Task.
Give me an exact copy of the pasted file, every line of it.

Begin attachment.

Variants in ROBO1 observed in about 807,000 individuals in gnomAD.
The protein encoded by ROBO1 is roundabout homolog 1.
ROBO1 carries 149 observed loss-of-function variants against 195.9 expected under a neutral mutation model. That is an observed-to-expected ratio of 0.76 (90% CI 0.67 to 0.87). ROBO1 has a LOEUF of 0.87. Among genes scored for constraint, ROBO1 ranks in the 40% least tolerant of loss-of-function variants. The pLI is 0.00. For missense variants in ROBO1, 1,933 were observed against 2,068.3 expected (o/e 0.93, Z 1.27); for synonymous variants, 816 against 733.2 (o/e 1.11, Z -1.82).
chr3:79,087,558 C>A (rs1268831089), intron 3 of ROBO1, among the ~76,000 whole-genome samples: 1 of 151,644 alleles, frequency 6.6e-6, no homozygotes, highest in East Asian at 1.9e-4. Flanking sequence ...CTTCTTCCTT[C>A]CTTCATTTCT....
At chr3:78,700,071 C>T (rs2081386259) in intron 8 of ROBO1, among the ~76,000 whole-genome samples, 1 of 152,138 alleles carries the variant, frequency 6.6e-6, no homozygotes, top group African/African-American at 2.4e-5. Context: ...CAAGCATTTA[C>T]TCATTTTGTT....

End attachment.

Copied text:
Variants in ROBO1 observed in about 807,000 individuals in gnomAD.
The protein encoded by ROBO1 is roundabout homolog 1.
ROBO1 carries 149 observed loss-of-function variants against 195.9 expected under a neutral mutation model. That is an observed-to-expected ratio of 0.76 (90% CI 0.67 to 0.87). ROBO1 has a LOEUF of 0.87. Among genes scored for constraint, ROBO1 ranks in the 40% least tolerant of loss-of-function variants. The pLI is 0.00. For missense variants in ROBO1, 1,933 were observed against 2,068.3 expected (o/e 0.93, Z 1.27); for synonymous variants, 816 against 733.2 (o/e 1.11, Z -1.82).
chr3:79,087,558 C>A (rs1268831089), intron 3 of ROBO1, among the ~76,000 whole-genome samples: 1 of 151,644 alleles, frequency 6.6e-6, no homozygotes, highest in East Asian at 1.9e-4. Flanking sequence ...CTTCTTCCTT[C>A]CTTCATTTCT....
At chr3:78,700,071 C>T (rs2081386259) in intron 8 of ROBO1, among the ~76,000 whole-genome samples, 1 of 152,138 alleles carries the variant, frequency 6.6e-6, no homozygotes, top group African/African-American at 2.4e-5. Context: ...CAAGCATTTA[C>T]TCATTTTGTT....